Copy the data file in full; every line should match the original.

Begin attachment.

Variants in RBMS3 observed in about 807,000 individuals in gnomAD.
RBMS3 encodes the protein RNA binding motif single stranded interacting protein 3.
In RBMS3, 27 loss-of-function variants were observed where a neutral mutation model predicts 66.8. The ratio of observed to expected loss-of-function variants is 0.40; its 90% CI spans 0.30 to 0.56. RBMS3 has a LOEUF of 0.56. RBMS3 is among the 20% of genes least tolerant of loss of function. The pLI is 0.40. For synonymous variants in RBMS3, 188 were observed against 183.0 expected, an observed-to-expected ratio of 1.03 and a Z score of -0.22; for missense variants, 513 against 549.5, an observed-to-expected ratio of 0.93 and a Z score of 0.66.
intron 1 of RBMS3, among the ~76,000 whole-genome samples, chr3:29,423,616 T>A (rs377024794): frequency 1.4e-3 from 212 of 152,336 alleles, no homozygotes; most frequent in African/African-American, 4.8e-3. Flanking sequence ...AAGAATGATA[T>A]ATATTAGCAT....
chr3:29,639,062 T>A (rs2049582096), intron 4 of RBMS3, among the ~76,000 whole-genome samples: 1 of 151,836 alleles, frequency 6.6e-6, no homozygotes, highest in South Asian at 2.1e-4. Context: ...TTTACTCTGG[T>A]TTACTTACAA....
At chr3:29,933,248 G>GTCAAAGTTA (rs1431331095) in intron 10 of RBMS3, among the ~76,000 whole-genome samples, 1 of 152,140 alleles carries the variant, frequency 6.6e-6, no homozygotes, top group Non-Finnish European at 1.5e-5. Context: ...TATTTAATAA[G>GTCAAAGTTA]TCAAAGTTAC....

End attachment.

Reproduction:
Variants in RBMS3 observed in about 807,000 individuals in gnomAD.
RBMS3 encodes the protein RNA binding motif single stranded interacting protein 3.
In RBMS3, 27 loss-of-function variants were observed where a neutral mutation model predicts 66.8. The ratio of observed to expected loss-of-function variants is 0.40; its 90% CI spans 0.30 to 0.56. RBMS3 has a LOEUF of 0.56. RBMS3 is among the 20% of genes least tolerant of loss of function. The pLI is 0.40. For synonymous variants in RBMS3, 188 were observed against 183.0 expected, an observed-to-expected ratio of 1.03 and a Z score of -0.22; for missense variants, 513 against 549.5, an observed-to-expected ratio of 0.93 and a Z score of 0.66.
intron 1 of RBMS3, among the ~76,000 whole-genome samples, chr3:29,423,616 T>A (rs377024794): frequency 1.4e-3 from 212 of 152,336 alleles, no homozygotes; most frequent in African/African-American, 4.8e-3. Flanking sequence ...AAGAATGATA[T>A]ATATTAGCAT....
chr3:29,639,062 T>A (rs2049582096), intron 4 of RBMS3, among the ~76,000 whole-genome samples: 1 of 151,836 alleles, frequency 6.6e-6, no homozygotes, highest in South Asian at 2.1e-4. Context: ...TTTACTCTGG[T>A]TTACTTACAA....
At chr3:29,933,248 G>GTCAAAGTTA (rs1431331095) in intron 10 of RBMS3, among the ~76,000 whole-genome samples, 1 of 152,140 alleles carries the variant, frequency 6.6e-6, no homozygotes, top group Non-Finnish European at 1.5e-5. Context: ...TATTTAATAA[G>GTCAAAGTTA]TCAAAGTTAC....